Also, read the "no kibble" section, to boost your spirits on why you are doing this for your kitty, should you feel a bit discouraged.

But it really is important to take care and do it properly.

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post #6 of 10 (permalink) Old 02-04-2013, 08:51 AM
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Take a look at this site. It is very informative:

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post #7 of 10 (permalink) Old 02-04-2013, 10:31 AM
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Yes, raw diets are safe if done properly. (One could argue raw diets are safer than kibble, but that's another thread!) Use common sense, don't leave raw chicken out on your countertop over night, for example. The same as if you the human were eating the food.

While on the one hand you should do some research, on the other hand don't let details bog you down (for example, calcium to phosphorus ratios and Omega 3/6 supplements, leave that for later).
Probably the most important thing to keep in mind is making sure you feed the correct ratio of meat/edible bone/liver/secreting organs (like kidney).
And it is called RAW feeding for a reason--food should be raw, not cooked. And never ever ever feed cooked bone.
While you are researching, you can transition your cats off of kibble entirely (if they are not already). Once that is done, you can start your cats on commercial raw, like RadCat or Nature's Variety; both look and feel like canned wet cat food.

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post #8 of 10 (permalink) Old 02-15-2013, 02:56 PM
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I started VERY slowly. First I read and read and read. I read websites and I read other people's transition threads. I thought of all the reasons I could not do this, and continued to read. For at least two years all I did was read and think of all the reasons it wouldn't work for me, LOL.

It was all so OVERWHELMING. And the more I read the more overwhelmed I felt.

Then, a very knowledgeable raw feeder and dear friend said something that helped so much. What she said was "you know, you don't have to start all at once. Just adding a little raw to their diet every day will benefit them." And something clicked. Because you know I say that to people I am trying to help get their cats off of dry food all the time. "Just start with adding a little canned each day" I say. "And when you see the benefits you most likley will want to feed more canned" "or maybe you won't, either way, a little is better than none".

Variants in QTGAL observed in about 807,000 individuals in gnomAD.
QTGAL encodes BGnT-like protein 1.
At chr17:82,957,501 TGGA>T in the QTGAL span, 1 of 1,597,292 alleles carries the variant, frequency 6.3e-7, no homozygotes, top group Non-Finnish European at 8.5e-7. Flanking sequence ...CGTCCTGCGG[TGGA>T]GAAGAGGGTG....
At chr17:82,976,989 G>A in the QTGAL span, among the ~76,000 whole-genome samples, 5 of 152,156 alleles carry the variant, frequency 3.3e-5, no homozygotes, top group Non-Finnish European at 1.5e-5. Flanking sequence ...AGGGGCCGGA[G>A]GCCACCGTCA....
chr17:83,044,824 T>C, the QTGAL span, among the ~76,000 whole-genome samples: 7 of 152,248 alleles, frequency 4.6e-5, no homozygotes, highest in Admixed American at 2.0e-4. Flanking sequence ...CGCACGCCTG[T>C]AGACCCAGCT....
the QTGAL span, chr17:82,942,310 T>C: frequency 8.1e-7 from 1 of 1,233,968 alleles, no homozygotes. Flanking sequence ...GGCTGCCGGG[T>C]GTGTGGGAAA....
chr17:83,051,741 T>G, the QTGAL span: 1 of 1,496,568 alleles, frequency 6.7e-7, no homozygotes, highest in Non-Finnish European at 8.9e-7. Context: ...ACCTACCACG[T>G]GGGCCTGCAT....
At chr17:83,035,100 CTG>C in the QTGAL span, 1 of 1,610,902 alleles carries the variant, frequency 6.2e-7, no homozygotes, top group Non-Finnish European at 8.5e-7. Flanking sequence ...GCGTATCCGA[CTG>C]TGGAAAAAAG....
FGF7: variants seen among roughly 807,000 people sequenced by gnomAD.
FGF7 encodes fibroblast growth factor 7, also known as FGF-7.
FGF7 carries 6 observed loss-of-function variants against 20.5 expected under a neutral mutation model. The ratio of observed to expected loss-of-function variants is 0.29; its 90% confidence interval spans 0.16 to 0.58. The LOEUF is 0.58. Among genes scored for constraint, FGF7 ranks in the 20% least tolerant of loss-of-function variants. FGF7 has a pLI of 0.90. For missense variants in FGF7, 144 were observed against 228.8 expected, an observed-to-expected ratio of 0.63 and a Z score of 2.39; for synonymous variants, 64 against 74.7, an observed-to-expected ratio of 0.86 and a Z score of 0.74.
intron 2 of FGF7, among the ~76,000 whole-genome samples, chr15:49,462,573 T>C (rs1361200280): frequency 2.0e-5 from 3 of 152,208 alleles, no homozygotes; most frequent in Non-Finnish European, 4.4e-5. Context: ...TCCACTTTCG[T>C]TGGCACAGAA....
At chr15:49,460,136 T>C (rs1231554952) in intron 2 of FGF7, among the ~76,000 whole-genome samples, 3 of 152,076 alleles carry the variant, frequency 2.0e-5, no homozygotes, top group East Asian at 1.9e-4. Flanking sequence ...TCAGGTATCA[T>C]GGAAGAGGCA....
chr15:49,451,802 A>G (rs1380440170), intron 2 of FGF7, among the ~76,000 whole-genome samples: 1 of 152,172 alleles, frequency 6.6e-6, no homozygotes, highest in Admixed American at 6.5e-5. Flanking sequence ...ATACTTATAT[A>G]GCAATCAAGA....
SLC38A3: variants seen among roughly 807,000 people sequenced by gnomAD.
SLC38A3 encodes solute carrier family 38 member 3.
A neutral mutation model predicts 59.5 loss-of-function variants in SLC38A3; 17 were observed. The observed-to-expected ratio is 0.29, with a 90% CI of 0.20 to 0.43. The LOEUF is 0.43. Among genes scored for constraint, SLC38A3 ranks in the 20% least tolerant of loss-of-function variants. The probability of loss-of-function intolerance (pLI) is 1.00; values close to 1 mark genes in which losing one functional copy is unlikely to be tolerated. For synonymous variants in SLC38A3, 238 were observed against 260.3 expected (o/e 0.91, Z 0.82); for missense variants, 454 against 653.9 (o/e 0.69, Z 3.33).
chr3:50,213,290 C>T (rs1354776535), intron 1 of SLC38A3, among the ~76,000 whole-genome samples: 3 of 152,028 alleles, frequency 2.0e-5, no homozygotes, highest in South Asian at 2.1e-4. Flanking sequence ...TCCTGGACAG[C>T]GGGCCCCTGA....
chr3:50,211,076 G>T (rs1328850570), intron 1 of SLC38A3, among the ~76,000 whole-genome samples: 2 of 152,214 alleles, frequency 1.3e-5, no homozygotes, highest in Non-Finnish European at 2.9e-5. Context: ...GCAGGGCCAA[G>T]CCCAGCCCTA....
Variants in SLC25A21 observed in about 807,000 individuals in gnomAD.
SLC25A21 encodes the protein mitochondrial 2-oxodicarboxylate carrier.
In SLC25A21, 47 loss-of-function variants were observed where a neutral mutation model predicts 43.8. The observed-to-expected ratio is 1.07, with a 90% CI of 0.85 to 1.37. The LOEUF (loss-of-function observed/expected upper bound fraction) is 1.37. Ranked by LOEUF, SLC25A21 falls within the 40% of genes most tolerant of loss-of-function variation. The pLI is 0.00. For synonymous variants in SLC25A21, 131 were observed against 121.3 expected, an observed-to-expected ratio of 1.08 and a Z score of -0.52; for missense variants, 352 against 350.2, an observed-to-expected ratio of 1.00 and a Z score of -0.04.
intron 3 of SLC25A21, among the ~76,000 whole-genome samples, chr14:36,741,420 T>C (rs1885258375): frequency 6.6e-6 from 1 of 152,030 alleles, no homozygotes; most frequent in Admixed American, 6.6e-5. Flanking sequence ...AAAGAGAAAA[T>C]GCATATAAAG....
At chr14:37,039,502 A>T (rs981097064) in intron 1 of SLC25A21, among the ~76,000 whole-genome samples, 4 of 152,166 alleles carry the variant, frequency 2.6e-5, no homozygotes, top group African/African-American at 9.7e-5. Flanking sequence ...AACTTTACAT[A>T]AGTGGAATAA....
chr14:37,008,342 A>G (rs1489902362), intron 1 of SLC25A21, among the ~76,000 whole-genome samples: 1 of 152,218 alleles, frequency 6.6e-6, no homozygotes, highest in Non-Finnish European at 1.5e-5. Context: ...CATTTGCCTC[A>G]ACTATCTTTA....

So I dipped one little toe in. I bought a bag of Stella&Chewy's freeze dried raw, and started giving a few nuggets (re-hydrated) to the one who needed the raw the most. Gradually I worked her up to one whole meal a day of the Stella&Chewy's. And, with just that ONE added meal a day, the improvements in her were...stunning.

So next I started giving them slivers of raw chicken when I cooked my own suppers, just tiny slivers, two liked them, one did not recognize them as food. As the months passed and I continued to read and research commercial brands and see the benefit to my one little cat, I decided to try the Rad Cat frozen commercial raw.

First I had to buy a freezer and a food scale. And I couldn't find a local source, so my first batch of Rad Cat I ordered on line and had it delivered. Yes, very expensive. Two cats took to the Rad Cat immediately the third needed much time to get used to the idea. I let her proceed at her own pace. I was telling myself this is it though, just the Stella&Chewy's and the occasional Rad Cat (too expensive to feed often)

A couple months later I found myself buying packages of meat at the grocery store, cutting them up into one ounce servings and freezing them. Still too afraid to try bone, I bought Alnutrin egg shell calcium to ensure the proper phosphorous/calcium ratio was made.